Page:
A weekend of books
Decatur Book Festival, listening to authors, hanging out with friends and making a few new ones.
The festival began Friday night with Jonathan Franzen's keynote reading from his new novel, Freedom. I went with Frankin Abbott and Cal Gough and we grabbed a bite of dinner at Figo before heading over to Agnes Scott College's Presser Hall. We arrived early and there was already a line wrapped around the building. Tickets were free, but had been snapped up weeks ago, so folks were milling around hoping a few seats remained.
I have to be honest – I'm not a Franzen fan. I thought The Corrections was okay, but tedious, and judging from the passage he read Friday night, Freedom sounds like more of the same. I know reviewers are praising the book left and right – just as they did with The Corrections – but it's not my cuppa tea. Publisher's Weekly, who was blogging from the festival this weekend, said Franzen "knocked it out of the park" during his reading, but I beg to differ – unless I was in some kind of Fringe-like alternate universe.
Franzen strolled out on stage, took off his jacket, tossed it on the floor and rolled up his sleeves. He brought a copy of Freedom on stage and stripped off the dust jacket and through that on the floor, too. The audience was all twitterpated over these actions, while I just gave it one big eye roll. He told the audience it was hard to pick a chapter since they were all so long and involved, so he decided to read parts of the second chapter. It was obvious he hadn't prepared, so the reading was punctuated by pauses as he decided what to edit out. The part he read was full of the usual minutiae that is a Franzen hallmark, but drags on the narrative. During the Q&A, Franzen never actually answered a question, but was admittedly "free associating." Ummm...yeah.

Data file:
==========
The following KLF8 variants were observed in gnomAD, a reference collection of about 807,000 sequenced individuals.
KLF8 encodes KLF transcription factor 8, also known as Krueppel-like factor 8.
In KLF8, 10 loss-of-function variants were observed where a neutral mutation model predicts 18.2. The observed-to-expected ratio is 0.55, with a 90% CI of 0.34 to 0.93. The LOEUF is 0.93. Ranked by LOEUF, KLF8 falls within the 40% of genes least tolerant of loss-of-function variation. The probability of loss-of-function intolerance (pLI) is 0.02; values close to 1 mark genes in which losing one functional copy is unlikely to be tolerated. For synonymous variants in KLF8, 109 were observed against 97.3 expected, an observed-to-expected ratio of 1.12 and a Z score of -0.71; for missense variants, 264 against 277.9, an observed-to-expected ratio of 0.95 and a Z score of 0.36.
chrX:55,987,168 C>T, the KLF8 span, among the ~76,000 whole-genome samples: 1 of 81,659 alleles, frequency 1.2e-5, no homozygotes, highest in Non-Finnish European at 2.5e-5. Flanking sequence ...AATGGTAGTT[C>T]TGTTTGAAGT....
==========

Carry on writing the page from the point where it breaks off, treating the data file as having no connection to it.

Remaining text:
The social media panel I moderated was in the same ballroom and we – Karen Head, Jessica Handler, Laurel Snyder and Jef Blocker –expected maybe 30 or 40 folks to show up since there were so many competing events, but there was more like 130! Plenty of practical advice about using Facebook, Twitter and blogs to build a community of writers, interact with fans and using the social media sites to do more than just browbeating folks to buy your book. We could have answered questions for another hour, so we're hoping the DBF folks will let us have more time next year.
After a leisurely lunch at Leon's Full Service with poet Charles Jensen, his partner Beau, their friend Douglas, David Groff, his partner Clay, Dustin Brookshire and Julie Bloemeke, I wandered over to the Local Poetry Stage at Java Monkey and heard Robert Lee Brewer and some other fine poets. I then introduced the self-publishing workshop and headed home. I was exhausted.